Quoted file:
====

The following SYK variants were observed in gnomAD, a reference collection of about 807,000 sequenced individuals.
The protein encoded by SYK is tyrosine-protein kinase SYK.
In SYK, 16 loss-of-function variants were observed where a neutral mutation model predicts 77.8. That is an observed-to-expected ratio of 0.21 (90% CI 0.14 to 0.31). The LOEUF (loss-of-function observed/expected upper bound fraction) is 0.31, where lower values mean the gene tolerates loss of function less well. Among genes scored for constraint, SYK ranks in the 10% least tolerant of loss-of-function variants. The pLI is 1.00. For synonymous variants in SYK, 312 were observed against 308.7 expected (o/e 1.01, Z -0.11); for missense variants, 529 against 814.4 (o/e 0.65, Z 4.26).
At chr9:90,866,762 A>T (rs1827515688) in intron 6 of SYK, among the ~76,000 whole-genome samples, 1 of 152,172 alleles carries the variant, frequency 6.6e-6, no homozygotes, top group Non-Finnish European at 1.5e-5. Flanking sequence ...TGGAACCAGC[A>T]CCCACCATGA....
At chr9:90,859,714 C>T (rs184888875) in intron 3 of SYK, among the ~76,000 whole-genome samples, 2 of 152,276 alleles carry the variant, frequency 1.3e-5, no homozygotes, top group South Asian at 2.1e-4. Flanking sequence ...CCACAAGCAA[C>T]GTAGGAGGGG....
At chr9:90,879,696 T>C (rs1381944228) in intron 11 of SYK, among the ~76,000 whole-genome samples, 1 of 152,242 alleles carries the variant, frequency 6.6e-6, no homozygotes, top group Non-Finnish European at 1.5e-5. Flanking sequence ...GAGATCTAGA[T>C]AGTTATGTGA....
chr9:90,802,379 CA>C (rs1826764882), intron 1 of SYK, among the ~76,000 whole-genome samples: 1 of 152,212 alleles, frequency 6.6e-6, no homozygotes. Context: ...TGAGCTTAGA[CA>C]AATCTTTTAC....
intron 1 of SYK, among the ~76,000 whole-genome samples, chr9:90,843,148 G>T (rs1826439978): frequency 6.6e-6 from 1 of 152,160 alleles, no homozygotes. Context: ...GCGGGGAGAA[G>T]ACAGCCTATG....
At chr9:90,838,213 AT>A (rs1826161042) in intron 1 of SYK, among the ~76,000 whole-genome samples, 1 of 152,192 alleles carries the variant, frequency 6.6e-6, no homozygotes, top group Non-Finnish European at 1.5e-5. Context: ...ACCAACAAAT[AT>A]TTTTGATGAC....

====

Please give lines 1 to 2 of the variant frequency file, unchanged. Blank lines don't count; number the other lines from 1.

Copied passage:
The following SYK variants were observed in gnomAD, a reference collection of about 807,000 sequenced individuals.
The protein encoded by SYK is tyrosine-protein kinase SYK.